INDIAN, CHINESE MILITARY AGREE TO DISENGAGE IN LADAKH BORDER DISPUTE
Indian and Chinese military commanders have agreed to disengage troops from a heavily disputed stretch of their border where a clash last week left 20 Indian soldiers dead, an Indian government source said on Tuesday.
China’s foreign ministry also said that China and India have agreed to take measures to ease tensions along a disputed stretch of their border.
China has not disclosed how many casualties it suffered, though an Indian minister has said around 40 Chinese soldiers may have been killed.
However, Chinese foreign ministry spokesman Zhao Lijian also described recent media reports of 40 Chinese casualties in the conflict as “fake news”.
Indian and Chinese military commanders had met on Monday against the backdrop of public mood hardening in India for a military and economic riposte following the worst clash in more than five decades.
Senior military officials from both sides met for several hours on Monday in an attempt to reduce tensions in the Ladakh region in the western Himalayas.
“Modalities for disengagement from all friction areas in Eastern Ladakh were discussed and will be taken forward by both the sides,” the source said.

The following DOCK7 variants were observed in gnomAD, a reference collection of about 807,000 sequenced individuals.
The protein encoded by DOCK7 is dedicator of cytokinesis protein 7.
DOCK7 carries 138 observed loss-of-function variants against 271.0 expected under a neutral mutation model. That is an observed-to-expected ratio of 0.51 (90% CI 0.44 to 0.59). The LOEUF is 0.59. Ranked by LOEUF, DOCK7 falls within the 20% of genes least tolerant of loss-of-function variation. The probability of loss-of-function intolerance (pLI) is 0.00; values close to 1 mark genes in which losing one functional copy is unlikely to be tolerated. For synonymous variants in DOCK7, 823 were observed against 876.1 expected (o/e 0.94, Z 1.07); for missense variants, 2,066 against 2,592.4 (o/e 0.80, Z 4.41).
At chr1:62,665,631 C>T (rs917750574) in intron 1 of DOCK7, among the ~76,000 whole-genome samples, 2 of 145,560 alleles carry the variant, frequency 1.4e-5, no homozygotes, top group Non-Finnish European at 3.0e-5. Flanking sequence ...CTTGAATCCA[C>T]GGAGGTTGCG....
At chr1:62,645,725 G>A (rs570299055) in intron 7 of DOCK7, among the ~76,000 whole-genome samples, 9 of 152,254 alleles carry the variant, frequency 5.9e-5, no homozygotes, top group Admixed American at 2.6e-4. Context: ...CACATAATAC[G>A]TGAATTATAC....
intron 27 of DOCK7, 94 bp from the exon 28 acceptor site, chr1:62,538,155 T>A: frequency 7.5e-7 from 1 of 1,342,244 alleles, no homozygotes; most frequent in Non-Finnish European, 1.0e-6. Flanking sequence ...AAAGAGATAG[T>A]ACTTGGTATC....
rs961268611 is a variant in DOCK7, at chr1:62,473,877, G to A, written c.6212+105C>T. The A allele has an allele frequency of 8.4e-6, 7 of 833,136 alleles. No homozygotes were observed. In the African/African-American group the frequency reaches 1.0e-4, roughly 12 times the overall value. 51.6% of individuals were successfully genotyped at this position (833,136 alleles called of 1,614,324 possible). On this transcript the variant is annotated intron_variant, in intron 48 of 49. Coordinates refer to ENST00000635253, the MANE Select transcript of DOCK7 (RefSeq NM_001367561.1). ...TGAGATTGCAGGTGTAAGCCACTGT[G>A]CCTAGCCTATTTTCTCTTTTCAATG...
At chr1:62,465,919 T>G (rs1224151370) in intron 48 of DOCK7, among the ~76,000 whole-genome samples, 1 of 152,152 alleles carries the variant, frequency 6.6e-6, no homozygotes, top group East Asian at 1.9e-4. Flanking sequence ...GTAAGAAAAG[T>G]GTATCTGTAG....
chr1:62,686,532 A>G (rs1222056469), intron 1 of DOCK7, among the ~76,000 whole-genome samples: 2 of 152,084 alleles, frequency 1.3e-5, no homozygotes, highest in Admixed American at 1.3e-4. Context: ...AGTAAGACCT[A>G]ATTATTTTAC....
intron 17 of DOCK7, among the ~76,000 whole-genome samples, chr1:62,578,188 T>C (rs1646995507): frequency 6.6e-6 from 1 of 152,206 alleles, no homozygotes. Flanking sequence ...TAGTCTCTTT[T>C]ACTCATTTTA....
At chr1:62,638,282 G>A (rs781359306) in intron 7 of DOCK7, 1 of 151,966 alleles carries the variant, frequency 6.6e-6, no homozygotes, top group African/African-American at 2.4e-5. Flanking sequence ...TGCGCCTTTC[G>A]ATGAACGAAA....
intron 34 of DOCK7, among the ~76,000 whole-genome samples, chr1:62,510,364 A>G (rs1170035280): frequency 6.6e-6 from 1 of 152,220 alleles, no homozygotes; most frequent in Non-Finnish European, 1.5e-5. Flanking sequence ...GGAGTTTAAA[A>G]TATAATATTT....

According to an Indian government source, the Indian side pushed for China to withdraw its troops back to where they were in April.
China, in previous rounds of talks, had asked India to stop all construction work in what it says is Chinese territory.
‘Calls for boycott’
Major Indian traders called for a boycott of Chinese goods and the state of Maharashtra, home to India’s financial capital of Mumbai, put three initial investment proposals from Chinese companies worth 50 billion rupees ($658 million) on hold, just days after signing the agreements.
Many in India have called for Prime Minister Narendra Modi’s nationalist government to show it will not be bullied, remembering their country’s humiliation in a brief border war against China in 1962.
Members of an Indian traders’ body made a bonfire of Chinese goods at a market in New Delhi, pushing for a nationwide boycott of products made in China.
The Confederation of All India Traders (CAIT), which represents some 70 million traders, has asked federal and state governments to support a boycott of Chinese goods and cancel government contracts awarded to Chinese companies.
“The entire nation is filled with extreme anger and intensity to give a strong befitting response to China not only militarily but also economically,” CAIT National General Secretary Praveen Khandelwal wrote in a letter to chief ministers of some Indian states.
In prosperous Maharashtra, the government said it was putting three investment plans, including from Great Wall Motor Co, on hold.
“In the current environment we will wait for the federal government to announce a clear policy regarding these projects,” industries minister Subhash Desai said.
China is India’s second-biggest trading partner, with bilateral trade worth $87 billion in the fiscal year ending March 2019, and a trade deficit of $53.57 billion in China’s favour, the widest India has with any country.